II. Self-Regulatory Organization's Statement of the Purpose of, and Statutory Basis for, the Proposed Rule Change

In its filing with the Commission, the self-regulatory organization included statements concerning the purpose of, and basis for, the proposed rule change and discussed any comments it received on the proposed rule change. The text of those statements may be examined at the places specified in Item IV below. The Exchange has prepared summaries, set forth in sections A, B, and C below, of the most significant parts of such statements.

A. Self-Regulatory Organization's Statement of the Purpose of, and the Statutory Basis for, the Proposed Rule Change

1. Purpose

The Exchange proposes to amend Sections 102.01 and 103.00 of the Manual to permit the consideration of stockholders and trading volume in the company's home country market or primary trading market outside the United States, provided such market is a regulated stock exchange, when determining the qualification for initial listing under Section 102.01 of a company from outside North America.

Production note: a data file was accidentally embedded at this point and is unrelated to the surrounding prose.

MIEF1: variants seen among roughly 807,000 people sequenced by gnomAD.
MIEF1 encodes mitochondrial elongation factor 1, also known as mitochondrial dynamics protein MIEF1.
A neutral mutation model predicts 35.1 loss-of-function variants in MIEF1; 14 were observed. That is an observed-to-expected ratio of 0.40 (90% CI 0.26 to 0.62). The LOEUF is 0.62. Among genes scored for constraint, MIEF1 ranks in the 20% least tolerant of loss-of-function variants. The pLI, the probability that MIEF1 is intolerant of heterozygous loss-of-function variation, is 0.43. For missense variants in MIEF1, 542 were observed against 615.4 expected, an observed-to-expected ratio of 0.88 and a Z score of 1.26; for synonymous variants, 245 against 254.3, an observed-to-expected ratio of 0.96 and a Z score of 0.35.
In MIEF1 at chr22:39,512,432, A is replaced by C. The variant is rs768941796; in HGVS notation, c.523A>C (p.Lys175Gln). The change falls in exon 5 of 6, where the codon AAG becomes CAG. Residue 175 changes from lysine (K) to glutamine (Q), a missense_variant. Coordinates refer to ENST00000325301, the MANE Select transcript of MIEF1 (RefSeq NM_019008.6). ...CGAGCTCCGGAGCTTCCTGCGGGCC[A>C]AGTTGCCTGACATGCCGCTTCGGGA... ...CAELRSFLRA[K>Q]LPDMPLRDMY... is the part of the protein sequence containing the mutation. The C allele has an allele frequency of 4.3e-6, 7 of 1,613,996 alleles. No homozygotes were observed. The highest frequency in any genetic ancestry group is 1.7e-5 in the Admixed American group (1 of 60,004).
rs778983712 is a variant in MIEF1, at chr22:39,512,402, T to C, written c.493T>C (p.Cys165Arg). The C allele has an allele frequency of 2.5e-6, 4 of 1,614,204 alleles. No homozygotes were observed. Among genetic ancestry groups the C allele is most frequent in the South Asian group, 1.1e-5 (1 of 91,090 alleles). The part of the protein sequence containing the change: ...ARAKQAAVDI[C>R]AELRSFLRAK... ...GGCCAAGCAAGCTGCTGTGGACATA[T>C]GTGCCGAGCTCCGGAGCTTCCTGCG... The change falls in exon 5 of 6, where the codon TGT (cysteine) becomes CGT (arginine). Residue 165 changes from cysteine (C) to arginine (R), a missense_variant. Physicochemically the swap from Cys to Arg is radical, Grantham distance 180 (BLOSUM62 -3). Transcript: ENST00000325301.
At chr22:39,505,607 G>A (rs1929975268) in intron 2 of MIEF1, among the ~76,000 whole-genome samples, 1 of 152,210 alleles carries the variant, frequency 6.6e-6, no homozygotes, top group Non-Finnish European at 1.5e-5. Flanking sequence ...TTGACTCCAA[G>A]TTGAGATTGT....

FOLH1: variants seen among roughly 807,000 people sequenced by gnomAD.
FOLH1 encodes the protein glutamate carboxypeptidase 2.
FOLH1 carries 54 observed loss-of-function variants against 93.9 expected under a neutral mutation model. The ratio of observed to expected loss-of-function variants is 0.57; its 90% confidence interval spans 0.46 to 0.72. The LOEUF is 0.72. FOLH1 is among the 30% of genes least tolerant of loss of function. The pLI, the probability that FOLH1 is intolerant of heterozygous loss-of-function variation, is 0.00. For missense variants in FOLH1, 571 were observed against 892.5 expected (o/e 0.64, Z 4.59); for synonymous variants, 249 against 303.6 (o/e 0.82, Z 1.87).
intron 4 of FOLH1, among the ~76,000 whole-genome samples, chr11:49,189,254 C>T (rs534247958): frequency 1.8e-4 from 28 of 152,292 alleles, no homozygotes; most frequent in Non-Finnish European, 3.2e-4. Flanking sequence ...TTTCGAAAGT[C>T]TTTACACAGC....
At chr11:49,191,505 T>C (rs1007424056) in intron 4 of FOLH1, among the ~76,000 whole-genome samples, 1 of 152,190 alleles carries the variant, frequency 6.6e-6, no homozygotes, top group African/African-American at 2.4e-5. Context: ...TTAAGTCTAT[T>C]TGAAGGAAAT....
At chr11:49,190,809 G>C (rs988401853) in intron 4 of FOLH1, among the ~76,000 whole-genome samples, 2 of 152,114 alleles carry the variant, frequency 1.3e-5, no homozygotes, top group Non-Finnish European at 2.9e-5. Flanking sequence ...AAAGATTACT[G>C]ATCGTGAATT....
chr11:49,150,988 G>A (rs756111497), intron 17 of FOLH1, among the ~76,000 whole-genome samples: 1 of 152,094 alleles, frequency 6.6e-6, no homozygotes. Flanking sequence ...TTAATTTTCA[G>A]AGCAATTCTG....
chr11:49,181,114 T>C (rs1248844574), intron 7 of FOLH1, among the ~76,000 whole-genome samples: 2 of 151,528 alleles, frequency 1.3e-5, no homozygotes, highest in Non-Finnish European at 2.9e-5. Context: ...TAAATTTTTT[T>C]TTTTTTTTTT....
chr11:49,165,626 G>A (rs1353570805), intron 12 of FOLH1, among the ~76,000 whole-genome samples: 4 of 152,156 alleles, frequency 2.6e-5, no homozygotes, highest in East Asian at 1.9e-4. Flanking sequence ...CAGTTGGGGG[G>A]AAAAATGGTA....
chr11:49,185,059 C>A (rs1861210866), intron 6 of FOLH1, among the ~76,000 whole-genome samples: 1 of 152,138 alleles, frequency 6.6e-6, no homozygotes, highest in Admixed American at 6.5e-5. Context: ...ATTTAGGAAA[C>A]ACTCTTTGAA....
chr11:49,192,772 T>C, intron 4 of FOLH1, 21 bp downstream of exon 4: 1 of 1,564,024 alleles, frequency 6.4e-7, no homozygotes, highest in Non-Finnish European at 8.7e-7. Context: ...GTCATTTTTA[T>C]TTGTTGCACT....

Section 102.01A of the Manual sets forth the Exchange's minimum initial listing requirements with respect to distribution for companies seeking to list under the Exchange's “domestic” initial listing standards.[4] A note included in Section 102.01B provides that, when considering a listing application from a company organized under the laws of Canada, Mexico or the United States (“North America”), the Exchange will include all North American holders and North American trading volume in applying the minimum stockholder and trading volume requirements of Section 102.01A. By comparison, Section 103.00 specifies that, when a company from outside North America seeks to list under the domestic criteria in Section 102.01B, the Exchange will consider only stockholders and trading volume in the United States.